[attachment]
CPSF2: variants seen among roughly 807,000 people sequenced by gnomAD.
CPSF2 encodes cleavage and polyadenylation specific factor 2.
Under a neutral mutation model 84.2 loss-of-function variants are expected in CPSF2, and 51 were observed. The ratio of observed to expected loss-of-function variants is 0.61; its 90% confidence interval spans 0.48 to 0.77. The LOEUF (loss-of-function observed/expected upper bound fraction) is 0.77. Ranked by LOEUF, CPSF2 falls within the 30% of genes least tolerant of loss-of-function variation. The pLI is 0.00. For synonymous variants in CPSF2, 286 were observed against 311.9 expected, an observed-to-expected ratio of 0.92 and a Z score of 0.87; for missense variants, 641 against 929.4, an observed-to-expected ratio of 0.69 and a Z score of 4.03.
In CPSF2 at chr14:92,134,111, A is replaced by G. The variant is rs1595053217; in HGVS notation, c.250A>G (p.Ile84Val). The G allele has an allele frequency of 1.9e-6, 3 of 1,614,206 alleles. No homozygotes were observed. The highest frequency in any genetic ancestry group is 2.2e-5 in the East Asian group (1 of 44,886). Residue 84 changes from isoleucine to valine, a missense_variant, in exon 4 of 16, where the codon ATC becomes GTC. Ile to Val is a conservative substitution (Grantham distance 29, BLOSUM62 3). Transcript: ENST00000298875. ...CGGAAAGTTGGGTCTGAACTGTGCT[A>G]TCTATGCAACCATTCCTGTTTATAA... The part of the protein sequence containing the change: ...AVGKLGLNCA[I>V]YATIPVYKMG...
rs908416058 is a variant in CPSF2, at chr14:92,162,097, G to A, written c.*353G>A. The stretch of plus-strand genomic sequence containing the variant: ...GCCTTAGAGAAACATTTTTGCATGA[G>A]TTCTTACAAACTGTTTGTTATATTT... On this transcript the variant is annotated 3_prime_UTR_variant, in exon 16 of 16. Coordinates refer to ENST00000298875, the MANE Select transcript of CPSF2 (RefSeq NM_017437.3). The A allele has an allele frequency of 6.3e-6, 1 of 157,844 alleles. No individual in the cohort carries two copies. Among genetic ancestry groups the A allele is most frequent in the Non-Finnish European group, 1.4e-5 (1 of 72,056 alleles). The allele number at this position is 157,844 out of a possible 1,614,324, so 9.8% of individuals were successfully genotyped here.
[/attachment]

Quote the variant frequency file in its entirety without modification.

CPSF2: variants seen among roughly 807,000 people sequenced by gnomAD.
CPSF2 encodes cleavage and polyadenylation specific factor 2.
Under a neutral mutation model 84.2 loss-of-function variants are expected in CPSF2, and 51 were observed. The ratio of observed to expected loss-of-function variants is 0.61; its 90% confidence interval spans 0.48 to 0.77. The LOEUF (loss-of-function observed/expected upper bound fraction) is 0.77. Ranked by LOEUF, CPSF2 falls within the 30% of genes least tolerant of loss-of-function variation. The pLI is 0.00. For synonymous variants in CPSF2, 286 were observed against 311.9 expected, an observed-to-expected ratio of 0.92 and a Z score of 0.87; for missense variants, 641 against 929.4, an observed-to-expected ratio of 0.69 and a Z score of 4.03.
In CPSF2 at chr14:92,134,111, A is replaced by G. The variant is rs1595053217; in HGVS notation, c.250A>G (p.Ile84Val). The G allele has an allele frequency of 1.9e-6, 3 of 1,614,206 alleles. No homozygotes were observed. The highest frequency in any genetic ancestry group is 2.2e-5 in the East Asian group (1 of 44,886). Residue 84 changes from isoleucine to valine, a missense_variant, in exon 4 of 16, where the codon ATC becomes GTC. Ile to Val is a conservative substitution (Grantham distance 29, BLOSUM62 3). Transcript: ENST00000298875. ...CGGAAAGTTGGGTCTGAACTGTGCT[A>G]TCTATGCAACCATTCCTGTTTATAA... The part of the protein sequence containing the change: ...AVGKLGLNCA[I>V]YATIPVYKMG...
rs908416058 is a variant in CPSF2, at chr14:92,162,097, G to A, written c.*353G>A. The stretch of plus-strand genomic sequence containing the variant: ...GCCTTAGAGAAACATTTTTGCATGA[G>A]TTCTTACAAACTGTTTGTTATATTT... On this transcript the variant is annotated 3_prime_UTR_variant, in exon 16 of 16. Coordinates refer to ENST00000298875, the MANE Select transcript of CPSF2 (RefSeq NM_017437.3). The A allele has an allele frequency of 6.3e-6, 1 of 157,844 alleles. No individual in the cohort carries two copies. Among genetic ancestry groups the A allele is most frequent in the Non-Finnish European group, 1.4e-5 (1 of 72,056 alleles). The allele number at this position is 157,844 out of a possible 1,614,324, so 9.8% of individuals were successfully genotyped here.